1966 – “Helsinki phys ed instructor Leena Jääskeläinen introduced ‘walking with ski poles’ to her School of Viherlaakso students.” (1)
1988 – “American fitness advocate, Tom Rutlin introduced a slightly different version of Finnish pole-walking with his Exerstrider™ walking poles.” (1)
1989 – My YWCA Santa Monica/Westside student Marie Wike introduced me to Nordic Walking. I rushed right out to get my own poles. It was a hard sell to my private clients who despite feeling the benefits, couldn’t seem to get over feeling conspicuous. Fearless in a fitness setting urban or otherwise, I continued to trek regardless of strange looks from passersby.
Mid-1990s – “Finland’s national Nordic ski team began using the poles to train during off-season (INWA 2013). (1)
2011 – AARP Bulletin published Maureen MacDonald’s article: “Not Your Father’s Cane, Boomers Increasingly Opt for Trekking Poles & Walking Sticks” featuring the benefits and trainer Jayah Faye Paley’s pole walking classes.
2017 – Now more mainstream, you’ll see pole walkers of all ages, not only solo traversing cement but groups conquering asphalt and grassy knolls in public parks or a sandy beach.
Rehabbing from bilateral total hip replacement (left October 2016, right February 2017), encouraged to walk 30-minutes per day, I ditched the walker when I realized even though it was adjusted properly, I was leaning into it with round shoulders, forward head and my low back hurt. Grabbed my trusty poles and immediately felt the difference(s):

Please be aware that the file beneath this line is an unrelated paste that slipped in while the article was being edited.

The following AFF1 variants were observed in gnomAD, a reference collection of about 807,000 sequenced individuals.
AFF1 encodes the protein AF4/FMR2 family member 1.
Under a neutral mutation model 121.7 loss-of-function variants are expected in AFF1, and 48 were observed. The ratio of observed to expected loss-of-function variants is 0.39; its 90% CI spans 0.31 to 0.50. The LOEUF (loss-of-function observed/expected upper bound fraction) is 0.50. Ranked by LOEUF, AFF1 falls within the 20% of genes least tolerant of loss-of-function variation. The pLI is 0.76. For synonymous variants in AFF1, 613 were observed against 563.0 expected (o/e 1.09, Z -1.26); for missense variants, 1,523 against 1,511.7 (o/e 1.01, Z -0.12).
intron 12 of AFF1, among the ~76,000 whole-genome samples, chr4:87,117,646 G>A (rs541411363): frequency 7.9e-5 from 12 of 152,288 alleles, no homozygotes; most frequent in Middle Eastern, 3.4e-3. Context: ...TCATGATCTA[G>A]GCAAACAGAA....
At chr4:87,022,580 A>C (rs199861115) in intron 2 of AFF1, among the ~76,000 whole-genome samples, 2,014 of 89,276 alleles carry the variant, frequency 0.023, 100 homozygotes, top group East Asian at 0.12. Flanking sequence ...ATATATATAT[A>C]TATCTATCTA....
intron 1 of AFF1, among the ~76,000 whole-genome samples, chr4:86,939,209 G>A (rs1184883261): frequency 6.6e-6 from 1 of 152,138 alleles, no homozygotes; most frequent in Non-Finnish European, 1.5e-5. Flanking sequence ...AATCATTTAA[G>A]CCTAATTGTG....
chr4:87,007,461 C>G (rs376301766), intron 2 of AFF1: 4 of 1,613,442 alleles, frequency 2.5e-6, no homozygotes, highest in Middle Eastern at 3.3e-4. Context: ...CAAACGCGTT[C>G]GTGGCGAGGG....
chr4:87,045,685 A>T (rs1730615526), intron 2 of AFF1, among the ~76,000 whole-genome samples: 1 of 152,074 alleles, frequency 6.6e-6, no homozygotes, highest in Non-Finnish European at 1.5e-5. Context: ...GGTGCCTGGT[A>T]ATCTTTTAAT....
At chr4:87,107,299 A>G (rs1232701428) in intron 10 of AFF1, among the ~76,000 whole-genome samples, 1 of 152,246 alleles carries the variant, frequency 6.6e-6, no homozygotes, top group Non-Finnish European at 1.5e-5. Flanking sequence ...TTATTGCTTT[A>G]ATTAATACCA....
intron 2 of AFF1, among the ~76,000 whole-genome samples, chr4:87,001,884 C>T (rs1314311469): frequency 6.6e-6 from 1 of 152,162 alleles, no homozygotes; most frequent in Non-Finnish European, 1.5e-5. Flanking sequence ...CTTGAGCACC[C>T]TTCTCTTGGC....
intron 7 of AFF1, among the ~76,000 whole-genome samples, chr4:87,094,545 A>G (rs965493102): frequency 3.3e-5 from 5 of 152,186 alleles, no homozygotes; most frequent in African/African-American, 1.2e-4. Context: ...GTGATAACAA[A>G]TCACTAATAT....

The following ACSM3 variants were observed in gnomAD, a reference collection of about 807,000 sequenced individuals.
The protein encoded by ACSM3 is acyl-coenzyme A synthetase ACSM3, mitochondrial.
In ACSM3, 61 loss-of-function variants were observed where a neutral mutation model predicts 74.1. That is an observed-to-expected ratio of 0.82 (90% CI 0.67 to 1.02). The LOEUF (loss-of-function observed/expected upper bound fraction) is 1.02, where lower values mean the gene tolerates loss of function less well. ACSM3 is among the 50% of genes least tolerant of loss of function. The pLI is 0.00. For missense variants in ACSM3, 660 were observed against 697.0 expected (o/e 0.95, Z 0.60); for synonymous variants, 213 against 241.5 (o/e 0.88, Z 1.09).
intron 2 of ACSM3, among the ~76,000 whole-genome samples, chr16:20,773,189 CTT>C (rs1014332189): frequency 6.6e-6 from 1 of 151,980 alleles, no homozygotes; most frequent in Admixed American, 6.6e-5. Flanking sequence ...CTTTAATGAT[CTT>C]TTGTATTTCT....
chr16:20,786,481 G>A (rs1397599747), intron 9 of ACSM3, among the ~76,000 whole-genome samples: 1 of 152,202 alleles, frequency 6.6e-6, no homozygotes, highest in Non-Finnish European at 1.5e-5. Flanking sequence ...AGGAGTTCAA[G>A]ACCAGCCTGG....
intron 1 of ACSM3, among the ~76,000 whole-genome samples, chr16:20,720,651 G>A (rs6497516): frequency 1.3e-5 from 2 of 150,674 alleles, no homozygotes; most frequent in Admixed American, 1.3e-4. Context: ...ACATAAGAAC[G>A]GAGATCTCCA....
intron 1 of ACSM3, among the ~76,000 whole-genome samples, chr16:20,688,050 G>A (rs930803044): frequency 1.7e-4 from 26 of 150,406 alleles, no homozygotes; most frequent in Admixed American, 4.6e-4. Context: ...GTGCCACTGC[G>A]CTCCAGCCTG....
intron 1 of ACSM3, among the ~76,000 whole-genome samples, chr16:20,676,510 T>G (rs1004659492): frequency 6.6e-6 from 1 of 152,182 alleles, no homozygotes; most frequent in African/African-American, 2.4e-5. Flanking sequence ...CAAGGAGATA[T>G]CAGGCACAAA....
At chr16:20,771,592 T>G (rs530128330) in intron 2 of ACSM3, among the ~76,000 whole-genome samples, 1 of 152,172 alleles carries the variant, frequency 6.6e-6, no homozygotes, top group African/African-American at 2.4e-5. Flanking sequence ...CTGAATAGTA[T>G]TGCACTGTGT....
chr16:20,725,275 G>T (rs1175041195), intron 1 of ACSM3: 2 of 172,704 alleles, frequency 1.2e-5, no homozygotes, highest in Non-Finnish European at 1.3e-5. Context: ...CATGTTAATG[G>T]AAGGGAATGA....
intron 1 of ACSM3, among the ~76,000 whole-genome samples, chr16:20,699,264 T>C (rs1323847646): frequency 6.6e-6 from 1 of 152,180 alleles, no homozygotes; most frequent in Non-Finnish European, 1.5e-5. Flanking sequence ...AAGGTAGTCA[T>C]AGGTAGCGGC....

- It’s one helluva core workout. Think crunchless crunch. A pole in each hand immediately creates spinal extension – you’re standing more upright forcing abdominal and back muscles to work together.
- Balance problems. What balance problems? With a pole in each hand, core muscles, balance central, are working to keep you on your feet.
- Arthritic hips and knees. Joint pressure is reduced allowing you to walk with more ease to strengthen muscles that help stabilize those joints. Think calves, upper thighs and butt.
- Trekking is also an upper body strengthener – back, shoulders, triceps and biceps, even forearms.
- And then there’s cardio conditioning! With better balance and joint pressure reduced, getting your heart rate up is easier too.
- Nordic Walking, although it can be done inside, is best in the great outdoors.
Select poles that can range in price from approximately $70 – $100. I purchased telescopic poles that require a screwdriver to adjust/lock them to the proper length, about a 90-degree angle at your elbows. My Adventure 16 salesman did this for me. Some manufacturers sell non-adjustable poles based on your height as well as collapsible ones, great for travel but I’m unsure of their stability in use.
Tell your retailer the type of terrain you’ll be walking as the pole tips are different for carpet/cement /asphalt V.S. grass/dirt/sand trails. Metal tips for natural terrain are easily converted with sturdy rubber caps. “Baskets”, snowflake discs that fit around pole tips, usually not included with poles, create additional traction and worth the few extra dollars if mud, sand or snow is where you’ll be trekking.
Ready to take your poles for a spin? Remember the rhythm is just like walking, opposite arm swing/opposite leg strike, heel/toe rolling through the balls of your feet.
Plant poles close to the outside of your body, near the ball of each foot.
Start slow and get the feel of moving through space.
Use the wrist straps and firmly hang on to the poles. Avoid a choking grip that can translate to soreness in hands, wrists, elbows even shoulders.
After a few treks you’ll be ready to work on technique like tightening butt muscles and more targeted poling to increase cardio and upper body conditioning.
(1) Why Older Exercisers Should Try Nordic Walking by Lorne Opler, Med (www.ideafit.com/fitness-expert/lorne-opler-med), February 15, 2017